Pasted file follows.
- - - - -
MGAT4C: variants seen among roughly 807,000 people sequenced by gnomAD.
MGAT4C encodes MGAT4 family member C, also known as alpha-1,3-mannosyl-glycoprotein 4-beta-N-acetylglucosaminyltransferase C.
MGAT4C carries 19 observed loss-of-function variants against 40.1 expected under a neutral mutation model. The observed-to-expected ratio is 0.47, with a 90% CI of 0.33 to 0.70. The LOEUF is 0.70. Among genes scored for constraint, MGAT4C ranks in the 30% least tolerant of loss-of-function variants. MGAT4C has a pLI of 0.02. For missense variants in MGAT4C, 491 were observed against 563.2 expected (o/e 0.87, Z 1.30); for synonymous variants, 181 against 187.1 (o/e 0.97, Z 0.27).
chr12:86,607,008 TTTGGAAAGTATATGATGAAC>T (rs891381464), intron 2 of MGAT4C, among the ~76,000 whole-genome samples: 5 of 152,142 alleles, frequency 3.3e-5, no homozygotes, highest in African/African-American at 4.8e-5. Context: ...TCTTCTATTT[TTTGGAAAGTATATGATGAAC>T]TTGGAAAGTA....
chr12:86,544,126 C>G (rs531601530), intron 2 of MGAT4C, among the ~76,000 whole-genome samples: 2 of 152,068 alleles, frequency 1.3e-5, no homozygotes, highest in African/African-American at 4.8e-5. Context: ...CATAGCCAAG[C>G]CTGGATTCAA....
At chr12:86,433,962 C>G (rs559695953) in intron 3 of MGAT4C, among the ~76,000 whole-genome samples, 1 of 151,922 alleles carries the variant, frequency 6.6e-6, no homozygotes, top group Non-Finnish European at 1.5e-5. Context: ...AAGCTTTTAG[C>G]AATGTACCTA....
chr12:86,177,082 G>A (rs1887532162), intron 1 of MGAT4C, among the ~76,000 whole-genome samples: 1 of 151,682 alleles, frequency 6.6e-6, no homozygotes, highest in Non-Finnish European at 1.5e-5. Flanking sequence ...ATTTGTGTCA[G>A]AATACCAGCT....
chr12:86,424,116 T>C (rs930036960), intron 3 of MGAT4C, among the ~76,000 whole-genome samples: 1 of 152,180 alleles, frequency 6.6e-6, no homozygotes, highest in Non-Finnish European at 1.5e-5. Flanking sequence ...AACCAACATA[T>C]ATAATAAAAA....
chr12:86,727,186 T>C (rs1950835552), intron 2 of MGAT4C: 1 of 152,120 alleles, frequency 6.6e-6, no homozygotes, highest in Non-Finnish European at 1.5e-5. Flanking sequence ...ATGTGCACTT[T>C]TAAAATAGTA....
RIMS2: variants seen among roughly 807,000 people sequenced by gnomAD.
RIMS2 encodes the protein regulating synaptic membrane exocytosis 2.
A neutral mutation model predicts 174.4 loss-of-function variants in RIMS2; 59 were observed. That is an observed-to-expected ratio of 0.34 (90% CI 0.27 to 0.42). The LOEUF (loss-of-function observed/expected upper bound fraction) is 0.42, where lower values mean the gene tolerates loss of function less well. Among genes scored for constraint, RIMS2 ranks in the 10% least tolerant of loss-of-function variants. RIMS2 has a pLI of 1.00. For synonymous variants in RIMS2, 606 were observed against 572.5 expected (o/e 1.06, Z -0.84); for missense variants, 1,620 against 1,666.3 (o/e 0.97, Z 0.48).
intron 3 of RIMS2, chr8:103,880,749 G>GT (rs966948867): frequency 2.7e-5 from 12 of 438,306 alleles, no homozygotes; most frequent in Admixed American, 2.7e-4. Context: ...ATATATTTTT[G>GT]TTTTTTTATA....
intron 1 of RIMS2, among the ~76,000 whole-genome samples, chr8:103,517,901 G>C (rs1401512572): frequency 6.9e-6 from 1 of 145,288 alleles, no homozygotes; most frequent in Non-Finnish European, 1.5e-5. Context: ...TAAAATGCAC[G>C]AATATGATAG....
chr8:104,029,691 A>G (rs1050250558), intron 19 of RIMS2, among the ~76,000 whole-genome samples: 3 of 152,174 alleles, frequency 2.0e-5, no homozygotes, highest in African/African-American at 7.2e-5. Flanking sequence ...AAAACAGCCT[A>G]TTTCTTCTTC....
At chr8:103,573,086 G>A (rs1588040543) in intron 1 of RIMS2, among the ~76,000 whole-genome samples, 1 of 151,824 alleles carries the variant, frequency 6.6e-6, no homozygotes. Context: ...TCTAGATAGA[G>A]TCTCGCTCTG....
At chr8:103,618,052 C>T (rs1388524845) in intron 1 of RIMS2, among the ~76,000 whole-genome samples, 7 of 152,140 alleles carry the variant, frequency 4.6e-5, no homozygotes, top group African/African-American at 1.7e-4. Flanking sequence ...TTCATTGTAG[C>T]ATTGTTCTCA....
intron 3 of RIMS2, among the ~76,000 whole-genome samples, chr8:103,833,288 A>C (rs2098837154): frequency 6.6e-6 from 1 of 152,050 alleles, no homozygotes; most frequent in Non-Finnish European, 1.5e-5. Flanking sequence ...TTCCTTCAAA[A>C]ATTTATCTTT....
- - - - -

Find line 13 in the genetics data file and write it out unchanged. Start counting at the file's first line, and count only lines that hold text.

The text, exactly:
intron 3 of RIMS2, chr8:103,880,749 G>GT (rs966948867): frequency 2.7e-5 from 12 of 438,306 alleles, no homozygotes; most frequent in Admixed American, 2.7e-4. Context: ...ATATATTTTT[G>GT]TTTTTTTATA....